With all that has been going on with regard to the introduction of vet checks at championship shows it seems that the reason for implementing such a move has been forgotten, and consequently there has been little discussion as to whether this is really a valuable tool in improving the health of pedigree dogs or whether in reality it is merely a knee-jerk reaction that has no valid reasoning behind it.
Let’s go back to basics. The TV programme Pedigree Dogs Exposed was certainly a wake-up call for many dog breeders. Yes, it was highly biased, and yes there were factual errors, but much of what was said made very uncomfortable viewing for many who had become complacent over the years. We could point to the sterling work being done by both the Kennel Club and the breed clubs in raising money for research into canine health problems, and to the amount of health testing done by individual breeders in an attempt to ensure that the puppies they breed are as healthy as possible, but no amount of health testing could compensate for the fact that there were structural exaggerations in some breeds that had been allowed to creep in over the years. In some of these breeds steps were already being taken to correct the excesses but PDE prove to be the catalyst for more rapid changes.
A beleaguered KC, conscious of the weight of public opinion against pedigree dogs in general, and show breeders in particular introduced, almost daily it seemed, more and more proposed initiatives to solve the problems. Most of these ideas never went any further than being mere suggestions and, in any case, it was pretty evident to anyone with half a brain cell that improvements couldn’t happen overnight, but would take several generations to be implemented. Three years on, and where are we now? The announcement last year that the so-called high-profile breeds would in future be subject to vet checks was perhaps not taken seriously enough by the breeds concerned, and one can appreciate both the KC’s reasons for implementing such checks and its frustration at the seeming inability of some judges to recognise the situation and their continued insistence on rewarding dogs of extreme breed type, with little regard to their overall soundness.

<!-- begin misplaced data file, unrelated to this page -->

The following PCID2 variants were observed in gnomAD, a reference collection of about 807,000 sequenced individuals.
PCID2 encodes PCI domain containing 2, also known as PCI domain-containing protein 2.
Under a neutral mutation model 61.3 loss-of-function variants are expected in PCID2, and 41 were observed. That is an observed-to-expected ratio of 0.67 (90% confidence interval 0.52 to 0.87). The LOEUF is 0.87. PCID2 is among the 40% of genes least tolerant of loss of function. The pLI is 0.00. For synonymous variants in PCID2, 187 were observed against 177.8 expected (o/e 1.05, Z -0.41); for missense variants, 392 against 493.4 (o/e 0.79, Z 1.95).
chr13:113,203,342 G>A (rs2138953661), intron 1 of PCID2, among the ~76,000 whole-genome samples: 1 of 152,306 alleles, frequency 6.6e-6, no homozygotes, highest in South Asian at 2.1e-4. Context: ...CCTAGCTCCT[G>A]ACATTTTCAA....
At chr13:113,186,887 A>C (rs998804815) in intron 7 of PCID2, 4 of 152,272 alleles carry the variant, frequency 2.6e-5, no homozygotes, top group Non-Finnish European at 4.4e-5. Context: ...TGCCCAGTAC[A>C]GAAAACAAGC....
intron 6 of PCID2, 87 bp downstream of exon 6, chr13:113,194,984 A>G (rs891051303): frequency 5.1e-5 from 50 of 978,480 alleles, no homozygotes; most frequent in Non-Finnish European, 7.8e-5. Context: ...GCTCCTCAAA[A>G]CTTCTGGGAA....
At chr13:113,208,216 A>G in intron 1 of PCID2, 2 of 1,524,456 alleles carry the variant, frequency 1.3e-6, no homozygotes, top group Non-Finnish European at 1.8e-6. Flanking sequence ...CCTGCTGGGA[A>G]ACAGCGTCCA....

But in the overall scheme of things, what good do such vet checks do – other than making it appear to outsiders that the KC is being pro-active on the subject of breed health? The answer is, absolutely nothing. One BOB being disqualified for an old eye injury – or even for something as obvious as serious unsoundness caused by poor conformation – does not have the slightest effect on breed health. If it is indeed a conformational over-exaggeration that is being penalised it might perhaps make the judge of the day reconsider his decision, although no information has been forthcoming on the sanctions that will be applied to those judges whose BOBs do fail the vet checks.
The premise behind the TV programme was that pedigree dogs equate to show dogs and that therefore anyone who breeds from show dogs is automatically perpetuating the worst excesses of any particular breed. This is a totally false assumption – only a very small proportion of KC registered dogs ever see the inside of a show ring, and only a small proportion of those dogs that are shown are actually bred on from. The argument made by those that would like to discredit the show world is that since judging is to the breed Standard, and in their view it is the breed Standards that have led to the most serious exaggerations, show dogs must automatically be the most over-exaggerated specimens of each breed. But is this really true? No, of course it isn’t. You will see far more over-wrinkled Shar-Pei, for example, bred from a line of pet dogs that have not seen the inside of a show ring for generations, than ever you will from a show breeder.